Post 9/11 GI Bill Helps Brandman Student Reach Educational Goals

Brandman University Student James LeBlanc is Able to Reach Goals Thanks to the Post 9/11 GI Bill

IRVINE, Calif. (September 10, 2011) - When James LeBlanc disembarked the USS Abraham Lincoln in February he wanted to immediately pursue his BA degree, but ran up against a serious obstacle. He would have to wait seven months for traditional school to start in September to use the Post 9/11 GI Bill that provides veteran education benefits such as financial support for college and a housing allowance for veterans.

“I really needed the money the GI bill provided to get the education I would need to support my family,” said LeBlanc. “I heard at Brandman University, I could begin classes right away, so I did.”

In addition to year-round enrollment, Brandman University provided LeBlanc a flexible schedule and transferred many of his Navy credits. Named as a “Military-Friendly” university by GI Jobs and Military Advanced Education, Brandman helps military students and their families reach their educational goals through participation in financial programs such as the Post 9/11 GI Bill that even allows the transfer of financial aid to military spouse or dependents to further their education.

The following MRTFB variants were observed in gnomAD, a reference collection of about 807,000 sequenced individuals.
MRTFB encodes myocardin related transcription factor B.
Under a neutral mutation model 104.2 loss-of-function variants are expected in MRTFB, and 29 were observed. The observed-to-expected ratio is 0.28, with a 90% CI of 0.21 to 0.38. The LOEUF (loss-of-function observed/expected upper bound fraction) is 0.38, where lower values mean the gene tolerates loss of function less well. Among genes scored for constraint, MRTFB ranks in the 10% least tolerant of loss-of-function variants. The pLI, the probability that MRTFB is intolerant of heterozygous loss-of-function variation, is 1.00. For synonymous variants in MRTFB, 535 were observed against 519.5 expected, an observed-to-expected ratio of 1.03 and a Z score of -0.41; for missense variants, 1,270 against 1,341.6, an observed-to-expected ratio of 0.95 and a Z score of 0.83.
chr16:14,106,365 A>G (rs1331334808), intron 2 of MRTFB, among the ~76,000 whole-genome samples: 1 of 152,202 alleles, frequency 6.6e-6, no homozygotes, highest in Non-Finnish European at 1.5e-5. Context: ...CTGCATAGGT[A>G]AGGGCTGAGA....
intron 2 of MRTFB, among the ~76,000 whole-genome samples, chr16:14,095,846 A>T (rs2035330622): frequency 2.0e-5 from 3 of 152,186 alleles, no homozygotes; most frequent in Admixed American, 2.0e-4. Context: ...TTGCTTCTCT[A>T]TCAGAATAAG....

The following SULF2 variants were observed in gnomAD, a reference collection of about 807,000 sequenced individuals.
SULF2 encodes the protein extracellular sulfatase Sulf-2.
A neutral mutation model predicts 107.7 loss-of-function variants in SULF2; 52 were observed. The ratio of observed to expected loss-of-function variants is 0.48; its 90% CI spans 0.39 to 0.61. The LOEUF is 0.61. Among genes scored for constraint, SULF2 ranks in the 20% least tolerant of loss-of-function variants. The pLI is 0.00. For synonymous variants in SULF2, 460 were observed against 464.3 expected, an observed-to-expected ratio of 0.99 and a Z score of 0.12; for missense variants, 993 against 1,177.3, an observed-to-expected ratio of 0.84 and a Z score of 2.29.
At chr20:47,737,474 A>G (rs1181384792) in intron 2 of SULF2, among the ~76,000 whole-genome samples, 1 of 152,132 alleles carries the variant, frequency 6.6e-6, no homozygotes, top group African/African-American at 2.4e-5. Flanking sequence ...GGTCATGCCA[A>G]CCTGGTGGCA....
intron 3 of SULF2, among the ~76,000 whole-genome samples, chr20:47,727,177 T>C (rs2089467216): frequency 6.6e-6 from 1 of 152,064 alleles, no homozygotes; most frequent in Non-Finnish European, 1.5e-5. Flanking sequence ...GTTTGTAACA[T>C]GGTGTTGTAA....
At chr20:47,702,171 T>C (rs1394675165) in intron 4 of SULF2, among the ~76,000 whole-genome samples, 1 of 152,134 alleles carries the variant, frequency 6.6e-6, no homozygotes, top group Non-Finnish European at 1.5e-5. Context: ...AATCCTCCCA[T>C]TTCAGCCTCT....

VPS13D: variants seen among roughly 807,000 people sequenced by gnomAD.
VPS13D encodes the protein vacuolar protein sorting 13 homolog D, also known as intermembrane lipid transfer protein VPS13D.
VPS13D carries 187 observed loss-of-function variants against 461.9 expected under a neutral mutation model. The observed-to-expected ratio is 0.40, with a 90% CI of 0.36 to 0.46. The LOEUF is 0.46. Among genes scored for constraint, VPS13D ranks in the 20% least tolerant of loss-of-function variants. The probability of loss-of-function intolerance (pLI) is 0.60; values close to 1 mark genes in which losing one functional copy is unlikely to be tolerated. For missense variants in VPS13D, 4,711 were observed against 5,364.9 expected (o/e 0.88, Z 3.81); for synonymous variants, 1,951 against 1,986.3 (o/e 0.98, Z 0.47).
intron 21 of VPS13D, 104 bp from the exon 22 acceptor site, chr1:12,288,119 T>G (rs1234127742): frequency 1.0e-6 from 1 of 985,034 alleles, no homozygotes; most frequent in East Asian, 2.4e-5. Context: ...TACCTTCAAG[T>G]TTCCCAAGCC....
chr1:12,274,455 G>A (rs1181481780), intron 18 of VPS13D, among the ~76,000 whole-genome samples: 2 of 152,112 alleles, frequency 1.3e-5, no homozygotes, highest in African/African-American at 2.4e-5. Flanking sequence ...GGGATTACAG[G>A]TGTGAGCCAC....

“As a veteran and a student at Brandman University, I understand how the Post 9/11 GI Bill can help improve the quality of life for our veterans,” said Chermaine Harrell, Director, Military and Veterans Relations and retired Sergeant Major. “We take part in several similar programs to share veteran education benefits and entitlements created for military students who have made great sacrifices during their time of service.”

LeBlanc also found the instructors to be the backbone of why Brandman is considered a military friendly university; primarily because they knew how to lessen the anxiety many military students have in the college environment.